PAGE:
Kristin Varner’s mother had seen enough.

She’d spent years watching her daughter’s endless spin of jobs, addresses, and failed rehab attempts. It was fall 2005. Kristin was only 27, but she’d already been drinking and using drugs since she was 15, and this latest freefall had no apparent floor.

“I would black out constantly, wake up with no recollection of what had happened the night before,” Kristin said. “My disease had taken over so much of my life that I was unable to do anything but drink.”

The bottle had blotted out her college degree, and Kristin was back at her parents’ house after burning through six restaurant and bar jobs over the year’s first eight months. It didn’t help that she’d recently totaled her car – which she had no funds to fix.

Her mom was done.

“She said, ‘I can drop you off at rehab, or I can drop you off at a friend’s house,’” Kristin said. “But I didn’t have any friends at that time. Nobody wanted me. Still, my mom just said, ‘You’re leaving.’”

So a reluctant Kristin – minus any money, housing, or options – tried rehab again.

That was Sept. 2, 2005. She hasn’t had a drink since.

Alcohol is as deadly as ever.

Excessive alcohol use claims nearly 180,000 American lives a year, placing it among the nation’s leading killers.

April is Alcohol Awareness Month, and stories like Kristin’s illustrate the importance of continuing the collective fight to control alcohol-use disorder.

According to the National Institutes of Health, excessive alcohol use claims nearly 180,000 American lives a year, placing it among the nation’s leading killers. In Pennsylvania alone, reports the Centers for Disease Control and Prevention (CDC), the annual death count soared to more than 6,600 by 2021. That outpaces drug overdoses.

The cost extends to America’s economy. According to the CDC, excessive alcohol use delivers a $9.5 billion annual hit due to healthcare and criminal-justice costs and lost productivity.

success with alcohol recovery

Don’t Do It Alone

Dr. Jeremy Wigginton, Chief Medical Officer at Capital Blue Cross, says the first step along the path to alcoholism recovery is to seek support.

“Please don’t try to recover alone; you need support,” Dr. Wigginton said. “That can be in the form of rehabilitation programs, but also in the longer term can include ongoing counseling to unearth the root causes of your disease, and continued participation in support groups where you can surround yourself with the empathy of other recovering individuals. Please also consider self-help tools such as smartphone apps, books, hotlines, and meditation. Research increasingly reveals self-help’s connection to continued sobriety.”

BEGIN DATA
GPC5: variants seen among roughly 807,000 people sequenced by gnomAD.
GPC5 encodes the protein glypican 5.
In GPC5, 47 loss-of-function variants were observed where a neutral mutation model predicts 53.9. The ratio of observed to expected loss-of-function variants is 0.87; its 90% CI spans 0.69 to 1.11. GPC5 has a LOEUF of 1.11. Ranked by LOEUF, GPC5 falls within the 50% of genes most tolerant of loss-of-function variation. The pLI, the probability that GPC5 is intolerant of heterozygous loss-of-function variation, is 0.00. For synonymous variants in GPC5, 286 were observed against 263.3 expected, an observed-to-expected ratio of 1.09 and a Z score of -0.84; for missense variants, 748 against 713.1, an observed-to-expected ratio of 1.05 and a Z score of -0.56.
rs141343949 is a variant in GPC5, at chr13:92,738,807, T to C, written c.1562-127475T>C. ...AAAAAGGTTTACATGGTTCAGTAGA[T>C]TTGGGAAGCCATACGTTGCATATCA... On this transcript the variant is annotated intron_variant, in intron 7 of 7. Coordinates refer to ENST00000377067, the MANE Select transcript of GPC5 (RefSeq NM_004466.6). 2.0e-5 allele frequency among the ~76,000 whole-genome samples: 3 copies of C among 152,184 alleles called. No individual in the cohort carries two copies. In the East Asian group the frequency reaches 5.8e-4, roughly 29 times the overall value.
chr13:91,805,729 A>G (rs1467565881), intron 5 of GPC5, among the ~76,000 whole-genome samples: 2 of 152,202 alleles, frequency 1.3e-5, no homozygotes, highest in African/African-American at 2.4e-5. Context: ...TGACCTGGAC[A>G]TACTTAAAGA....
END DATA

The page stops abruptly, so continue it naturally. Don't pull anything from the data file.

Kristin echoed that advice, adding that those seeking recovery should also:

  • Find a sponsor. “Have at least one person you’re comfortable being completely honest with,” she said. “And that person has to understand alcoholism.”

  • Change people, places, and things. “I didn’t go into bars anymore. I didn’t call up my friends to go get wasted every night.”

Employers can assist by providing healthcare plans with access to behavioral health counseling that aids recovery. Capital Blue Cross offers a VirtualCare telehealth option and a behavioral health toolkit for certain employers, and Capital can connect you to a behavioral health professional online or by calling 866.322.1657.

Some companies, including Capital, offer employee assistance programs, which can make it easy for employees to access mental health professionals for any issue, including alcohol- and substance-use disorder.

“Just let people help you. Let individuals who have gone through this help you find your way."
— Kristin Varner

Alcohol recovery success

Now 45, Kristin proudly introduces herself these days as a married mother of four and “a woman in long-term recovery.”

She also can accurately introduce herself as Director of Dauphin County Drug and Alcohol Services, a member of Pennsylvania’s Advisory Council on Substance Use, and a recently appointed member of Gov. Josh Shapiro’s Behavioral Health Council.

Kristin credits one basic thing for her continuing recovery.

“Just let people help you,” she said. “Let individuals who have gone through this help you find your way. My way was failing, because I didn’t have all the answers. My way got me a bed in rehab. My way got me basically homeless.”